TWO doctors accused of agreeing to arrange abortions on the
grounds of gender should not be prosecuted, the Crown Prosecution
Service (CPS) has ruled.
A statement from the CPS said that a prosecution would not be in
the public interest, because the matter would be better dealt with
by the General Medical Council.
The case was referred to the CPS after an undercover
investigation by The Sunday Telegraph. In
February, the newspaper reported how undercover reporters
accompanied pregnant women to nine clinics around the country. Two
doctors were recorded offering to arrange abortions after being
told that the mother-to-be did not want to proceed with the
pregnancy because of the sex of the unborn child. Abortion on these
grounds is illegal.
On Thursday of last week, the Deputy Chief Crown Prosecutor for
the CPS, Jenny Hopkins, said: "There are public-interest factors
both in favour of and against prosecution. . . One highly relevant
factor in this regard is that the responsible professional body, in
this case the General Medical Council, is already involved, and has
the power to remove doctors from the medical register. . . We have
concluded that these specific cases would be better dealt with by
the GMC rather than by prosecution.
"In addition, when looking at the culpability of the doctors in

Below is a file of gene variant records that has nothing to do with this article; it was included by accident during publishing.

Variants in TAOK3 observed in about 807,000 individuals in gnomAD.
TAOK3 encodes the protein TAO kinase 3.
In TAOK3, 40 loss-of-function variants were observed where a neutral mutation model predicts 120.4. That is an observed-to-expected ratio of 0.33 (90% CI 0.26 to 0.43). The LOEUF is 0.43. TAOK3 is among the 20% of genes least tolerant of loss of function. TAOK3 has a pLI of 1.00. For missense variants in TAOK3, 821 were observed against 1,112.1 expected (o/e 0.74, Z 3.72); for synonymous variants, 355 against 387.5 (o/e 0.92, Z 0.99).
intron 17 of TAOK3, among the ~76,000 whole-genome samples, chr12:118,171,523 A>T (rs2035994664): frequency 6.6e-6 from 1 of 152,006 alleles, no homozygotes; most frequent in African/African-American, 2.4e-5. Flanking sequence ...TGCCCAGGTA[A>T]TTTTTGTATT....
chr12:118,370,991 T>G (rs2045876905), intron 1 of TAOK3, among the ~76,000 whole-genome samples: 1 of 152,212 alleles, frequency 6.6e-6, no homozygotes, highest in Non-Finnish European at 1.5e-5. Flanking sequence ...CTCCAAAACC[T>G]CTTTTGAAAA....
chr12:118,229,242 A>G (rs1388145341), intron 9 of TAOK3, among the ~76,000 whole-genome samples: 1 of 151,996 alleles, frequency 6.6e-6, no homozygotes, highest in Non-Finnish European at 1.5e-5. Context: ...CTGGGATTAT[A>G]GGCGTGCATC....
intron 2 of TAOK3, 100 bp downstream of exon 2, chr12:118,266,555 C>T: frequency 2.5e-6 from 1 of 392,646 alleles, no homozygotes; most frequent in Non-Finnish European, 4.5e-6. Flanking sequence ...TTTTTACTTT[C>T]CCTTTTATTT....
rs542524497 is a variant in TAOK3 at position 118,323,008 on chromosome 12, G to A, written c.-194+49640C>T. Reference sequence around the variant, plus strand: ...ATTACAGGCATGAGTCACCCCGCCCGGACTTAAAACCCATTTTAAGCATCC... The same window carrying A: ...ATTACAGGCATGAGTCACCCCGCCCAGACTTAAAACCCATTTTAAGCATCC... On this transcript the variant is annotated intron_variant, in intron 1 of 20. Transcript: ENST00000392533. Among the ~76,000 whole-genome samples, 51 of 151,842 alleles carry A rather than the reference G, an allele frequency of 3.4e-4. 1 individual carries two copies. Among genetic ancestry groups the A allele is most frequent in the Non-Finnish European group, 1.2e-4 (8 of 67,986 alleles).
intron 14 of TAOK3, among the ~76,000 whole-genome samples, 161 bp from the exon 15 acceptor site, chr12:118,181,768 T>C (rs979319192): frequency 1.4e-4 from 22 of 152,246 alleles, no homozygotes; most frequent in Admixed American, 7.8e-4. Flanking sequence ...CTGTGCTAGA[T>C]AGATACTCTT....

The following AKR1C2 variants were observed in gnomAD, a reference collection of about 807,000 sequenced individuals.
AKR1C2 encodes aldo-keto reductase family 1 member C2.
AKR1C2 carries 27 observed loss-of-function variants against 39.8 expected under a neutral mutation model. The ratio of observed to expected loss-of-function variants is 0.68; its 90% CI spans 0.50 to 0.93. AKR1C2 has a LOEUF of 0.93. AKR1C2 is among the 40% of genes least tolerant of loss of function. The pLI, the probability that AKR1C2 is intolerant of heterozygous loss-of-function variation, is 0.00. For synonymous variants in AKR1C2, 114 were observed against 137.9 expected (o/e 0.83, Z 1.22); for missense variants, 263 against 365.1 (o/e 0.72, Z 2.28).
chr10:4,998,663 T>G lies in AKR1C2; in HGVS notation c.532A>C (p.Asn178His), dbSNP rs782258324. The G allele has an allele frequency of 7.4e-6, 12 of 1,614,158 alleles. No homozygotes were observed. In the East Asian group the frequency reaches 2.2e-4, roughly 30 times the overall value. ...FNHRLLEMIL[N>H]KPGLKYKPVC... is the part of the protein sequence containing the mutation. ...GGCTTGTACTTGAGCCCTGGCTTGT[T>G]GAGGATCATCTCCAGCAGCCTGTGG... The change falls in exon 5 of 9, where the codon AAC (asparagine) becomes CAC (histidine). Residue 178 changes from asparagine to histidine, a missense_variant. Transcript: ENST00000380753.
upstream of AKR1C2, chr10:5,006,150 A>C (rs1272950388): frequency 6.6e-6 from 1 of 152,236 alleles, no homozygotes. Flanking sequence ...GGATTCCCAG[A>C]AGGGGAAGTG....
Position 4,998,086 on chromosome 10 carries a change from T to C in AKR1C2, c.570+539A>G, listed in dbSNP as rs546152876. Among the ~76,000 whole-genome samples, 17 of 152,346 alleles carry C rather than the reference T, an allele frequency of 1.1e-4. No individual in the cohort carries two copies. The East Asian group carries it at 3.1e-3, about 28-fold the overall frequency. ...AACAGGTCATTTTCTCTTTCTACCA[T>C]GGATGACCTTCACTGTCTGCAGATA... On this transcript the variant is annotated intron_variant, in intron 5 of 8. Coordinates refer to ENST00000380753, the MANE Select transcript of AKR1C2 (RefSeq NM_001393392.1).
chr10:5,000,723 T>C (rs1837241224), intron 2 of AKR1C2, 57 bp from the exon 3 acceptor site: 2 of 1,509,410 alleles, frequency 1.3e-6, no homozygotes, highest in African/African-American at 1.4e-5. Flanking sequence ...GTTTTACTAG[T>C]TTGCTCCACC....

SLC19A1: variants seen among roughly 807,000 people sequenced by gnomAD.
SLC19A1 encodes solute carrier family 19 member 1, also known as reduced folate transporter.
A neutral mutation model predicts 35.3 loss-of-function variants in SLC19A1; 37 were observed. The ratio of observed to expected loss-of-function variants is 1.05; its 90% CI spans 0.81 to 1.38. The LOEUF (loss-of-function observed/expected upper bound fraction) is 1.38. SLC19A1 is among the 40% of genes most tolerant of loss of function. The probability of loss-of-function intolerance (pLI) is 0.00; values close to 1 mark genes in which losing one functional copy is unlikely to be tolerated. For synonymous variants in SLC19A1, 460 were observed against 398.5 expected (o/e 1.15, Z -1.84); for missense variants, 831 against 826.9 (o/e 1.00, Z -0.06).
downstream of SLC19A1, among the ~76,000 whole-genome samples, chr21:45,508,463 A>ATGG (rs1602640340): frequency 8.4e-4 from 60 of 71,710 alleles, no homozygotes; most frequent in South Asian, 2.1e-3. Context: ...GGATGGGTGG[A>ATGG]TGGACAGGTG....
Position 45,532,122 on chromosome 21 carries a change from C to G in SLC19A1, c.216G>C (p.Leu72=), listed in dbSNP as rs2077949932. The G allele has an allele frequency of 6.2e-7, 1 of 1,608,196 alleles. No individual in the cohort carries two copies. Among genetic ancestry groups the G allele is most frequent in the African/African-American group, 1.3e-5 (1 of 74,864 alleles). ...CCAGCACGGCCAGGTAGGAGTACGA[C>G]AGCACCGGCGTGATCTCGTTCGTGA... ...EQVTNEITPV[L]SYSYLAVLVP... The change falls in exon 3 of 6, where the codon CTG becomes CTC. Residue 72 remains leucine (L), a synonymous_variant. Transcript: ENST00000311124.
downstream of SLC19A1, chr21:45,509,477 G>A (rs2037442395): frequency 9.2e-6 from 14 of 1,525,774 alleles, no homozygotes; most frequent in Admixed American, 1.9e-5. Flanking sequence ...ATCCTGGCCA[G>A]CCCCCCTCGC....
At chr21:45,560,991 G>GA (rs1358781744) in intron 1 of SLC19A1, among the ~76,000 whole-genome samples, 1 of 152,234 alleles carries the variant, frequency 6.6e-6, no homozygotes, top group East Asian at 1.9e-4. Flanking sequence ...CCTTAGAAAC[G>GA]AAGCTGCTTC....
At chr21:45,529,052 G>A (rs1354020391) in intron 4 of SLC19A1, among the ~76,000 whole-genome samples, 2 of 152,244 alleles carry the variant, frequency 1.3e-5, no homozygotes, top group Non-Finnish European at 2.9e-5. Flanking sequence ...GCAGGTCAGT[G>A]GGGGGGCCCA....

this case, we must take into account the fact that doctors are
required to interpret the law and apply it to a range of sensitive
and difficult circumstances which are not set out in the
legislation. The evidence in this case was finely balanced, and the
law gives quite a wide discretion to doctors to determine when a
risk to the health and well-being of a pregnant woman exists.
"In coming to this conclusion, we have also taken into account
the level of harm to the victim in the case, and the fact that in
these cases no abortion took place or would have taken place."
The chief executive of the GMC, Niall Dickson, said on the same
day: "Our role, as laid down by Parliament, is not to punish
doctors, but to protect the public, and so any action we may take
against a doctor should not be seen as a substitute for action by
The chief executive of the British Pregnancy Advisory Service,
Ann Furedi, said: "It is hard to see how pursuing these cases would
serve any public interest, not least given that both incidents were
the result of a sting operation organised by a newspaper. In BPAS's
experience, the only women requesting abortion on the basis of
gender alone are undercover journalists."
A former director of public prosecutions, Lord McDonald, told
the BBC's Today programme: "It seems to me to be a
slightly odd thesis that a professional person can avoid criminal
action simply because he or she is subject to statutory
David Burrowes, a Conservative MP, raised the matter in the
House of Commons. "There is urgent need for a statement to clarify
whether the restrictions on choice in the Abortion Act 1967 are now
meaningless," he said.